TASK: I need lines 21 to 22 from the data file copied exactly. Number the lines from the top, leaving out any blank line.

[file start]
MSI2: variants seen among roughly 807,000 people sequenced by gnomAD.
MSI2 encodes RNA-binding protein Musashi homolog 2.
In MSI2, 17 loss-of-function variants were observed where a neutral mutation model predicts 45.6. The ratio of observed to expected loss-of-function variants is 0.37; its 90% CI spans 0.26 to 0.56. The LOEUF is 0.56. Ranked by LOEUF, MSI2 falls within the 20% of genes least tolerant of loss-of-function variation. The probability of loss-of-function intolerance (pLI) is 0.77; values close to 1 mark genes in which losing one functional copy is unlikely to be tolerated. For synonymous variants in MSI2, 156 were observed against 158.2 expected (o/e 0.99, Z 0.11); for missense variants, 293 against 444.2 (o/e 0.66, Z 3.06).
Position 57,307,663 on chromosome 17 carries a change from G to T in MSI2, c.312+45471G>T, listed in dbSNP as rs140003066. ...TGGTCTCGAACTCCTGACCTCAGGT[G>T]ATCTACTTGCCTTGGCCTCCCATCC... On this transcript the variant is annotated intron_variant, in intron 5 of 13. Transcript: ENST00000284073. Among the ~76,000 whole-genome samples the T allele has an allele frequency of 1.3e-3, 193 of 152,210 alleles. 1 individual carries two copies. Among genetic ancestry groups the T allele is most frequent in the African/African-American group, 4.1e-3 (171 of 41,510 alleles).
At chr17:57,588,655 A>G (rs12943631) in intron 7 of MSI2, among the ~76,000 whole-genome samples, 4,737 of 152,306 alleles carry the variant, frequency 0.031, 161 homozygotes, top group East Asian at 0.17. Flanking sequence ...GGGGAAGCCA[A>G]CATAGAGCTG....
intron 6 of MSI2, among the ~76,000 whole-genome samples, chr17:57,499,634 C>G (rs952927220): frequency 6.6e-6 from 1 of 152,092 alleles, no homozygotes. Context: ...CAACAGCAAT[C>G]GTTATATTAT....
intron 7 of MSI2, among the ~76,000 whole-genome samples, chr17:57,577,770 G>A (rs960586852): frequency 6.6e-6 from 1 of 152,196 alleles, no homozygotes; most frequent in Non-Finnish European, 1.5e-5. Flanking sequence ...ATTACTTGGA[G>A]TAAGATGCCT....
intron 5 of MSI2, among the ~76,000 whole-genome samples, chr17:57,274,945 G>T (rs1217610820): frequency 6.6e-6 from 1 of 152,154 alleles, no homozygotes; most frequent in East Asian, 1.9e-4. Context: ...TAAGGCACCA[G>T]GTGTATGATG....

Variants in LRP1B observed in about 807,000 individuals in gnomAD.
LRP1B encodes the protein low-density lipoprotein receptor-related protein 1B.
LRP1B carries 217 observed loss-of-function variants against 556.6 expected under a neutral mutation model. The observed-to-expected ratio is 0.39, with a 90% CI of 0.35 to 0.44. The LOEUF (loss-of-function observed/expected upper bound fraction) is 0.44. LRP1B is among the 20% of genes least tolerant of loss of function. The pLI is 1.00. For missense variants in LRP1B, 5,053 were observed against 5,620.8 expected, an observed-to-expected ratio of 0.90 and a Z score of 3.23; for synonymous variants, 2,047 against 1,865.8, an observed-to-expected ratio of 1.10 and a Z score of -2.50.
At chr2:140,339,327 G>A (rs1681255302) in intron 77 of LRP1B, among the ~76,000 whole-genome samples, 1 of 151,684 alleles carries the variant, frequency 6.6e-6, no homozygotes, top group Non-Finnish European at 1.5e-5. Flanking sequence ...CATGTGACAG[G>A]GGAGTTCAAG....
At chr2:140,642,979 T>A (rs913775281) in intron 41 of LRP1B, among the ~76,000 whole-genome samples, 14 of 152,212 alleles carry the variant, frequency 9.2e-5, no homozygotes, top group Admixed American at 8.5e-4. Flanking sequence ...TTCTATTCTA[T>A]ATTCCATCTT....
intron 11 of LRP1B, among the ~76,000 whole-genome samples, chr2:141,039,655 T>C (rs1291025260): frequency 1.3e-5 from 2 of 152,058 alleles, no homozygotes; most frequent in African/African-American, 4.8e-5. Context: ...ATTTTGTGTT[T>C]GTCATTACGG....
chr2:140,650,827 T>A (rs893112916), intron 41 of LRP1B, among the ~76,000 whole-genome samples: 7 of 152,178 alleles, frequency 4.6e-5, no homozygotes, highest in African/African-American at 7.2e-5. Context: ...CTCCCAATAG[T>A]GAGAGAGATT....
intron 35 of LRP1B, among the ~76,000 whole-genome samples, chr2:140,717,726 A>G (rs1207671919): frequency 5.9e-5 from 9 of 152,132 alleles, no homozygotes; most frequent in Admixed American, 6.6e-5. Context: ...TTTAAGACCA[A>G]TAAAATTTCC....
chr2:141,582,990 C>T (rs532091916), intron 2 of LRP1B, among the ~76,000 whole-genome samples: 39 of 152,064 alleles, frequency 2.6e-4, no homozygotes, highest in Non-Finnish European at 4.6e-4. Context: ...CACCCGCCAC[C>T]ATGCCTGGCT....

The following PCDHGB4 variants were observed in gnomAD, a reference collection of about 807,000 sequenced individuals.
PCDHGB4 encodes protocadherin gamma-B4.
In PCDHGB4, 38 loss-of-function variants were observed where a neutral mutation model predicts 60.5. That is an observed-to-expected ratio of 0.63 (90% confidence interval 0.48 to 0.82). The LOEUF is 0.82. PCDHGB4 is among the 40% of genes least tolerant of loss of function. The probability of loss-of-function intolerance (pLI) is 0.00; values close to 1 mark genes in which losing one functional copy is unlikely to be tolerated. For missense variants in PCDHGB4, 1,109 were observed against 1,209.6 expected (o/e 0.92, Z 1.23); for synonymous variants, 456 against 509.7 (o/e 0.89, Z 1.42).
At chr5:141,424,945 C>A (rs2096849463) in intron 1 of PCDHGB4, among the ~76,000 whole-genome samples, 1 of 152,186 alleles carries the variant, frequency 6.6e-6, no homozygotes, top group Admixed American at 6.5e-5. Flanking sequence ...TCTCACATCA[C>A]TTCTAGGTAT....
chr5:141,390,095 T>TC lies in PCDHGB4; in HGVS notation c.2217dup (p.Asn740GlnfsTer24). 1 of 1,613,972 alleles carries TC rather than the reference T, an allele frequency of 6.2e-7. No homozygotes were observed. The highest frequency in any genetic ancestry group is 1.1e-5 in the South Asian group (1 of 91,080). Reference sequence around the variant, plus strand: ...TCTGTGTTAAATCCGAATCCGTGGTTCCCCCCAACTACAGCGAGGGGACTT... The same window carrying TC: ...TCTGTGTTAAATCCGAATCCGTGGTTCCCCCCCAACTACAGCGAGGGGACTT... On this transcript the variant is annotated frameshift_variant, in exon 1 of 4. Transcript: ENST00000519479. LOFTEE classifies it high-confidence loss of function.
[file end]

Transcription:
At chr5:141,424,945 C>A (rs2096849463) in intron 1 of PCDHGB4, among the ~76,000 whole-genome samples, 1 of 152,186 alleles carries the variant, frequency 6.6e-6, no homozygotes, top group Admixed American at 6.5e-5. Flanking sequence ...TCTCACATCA[C>A]TTCTAGGTAT....
chr5:141,390,095 T>TC lies in PCDHGB4; in HGVS notation c.2217dup (p.Asn740GlnfsTer24). 1 of 1,613,972 alleles carries TC rather than the reference T, an allele frequency of 6.2e-7. No homozygotes were observed. The highest frequency in any genetic ancestry group is 1.1e-5 in the South Asian group (1 of 91,080). Reference sequence around the variant, plus strand: ...TCTGTGTTAAATCCGAATCCGTGGTTCCCCCCAACTACAGCGAGGGGACTT... The same window carrying TC: ...TCTGTGTTAAATCCGAATCCGTGGTTCCCCCCCAACTACAGCGAGGGGACTT... On this transcript the variant is annotated frameshift_variant, in exon 1 of 4. Transcript: ENST00000519479. LOFTEE classifies it high-confidence loss of function.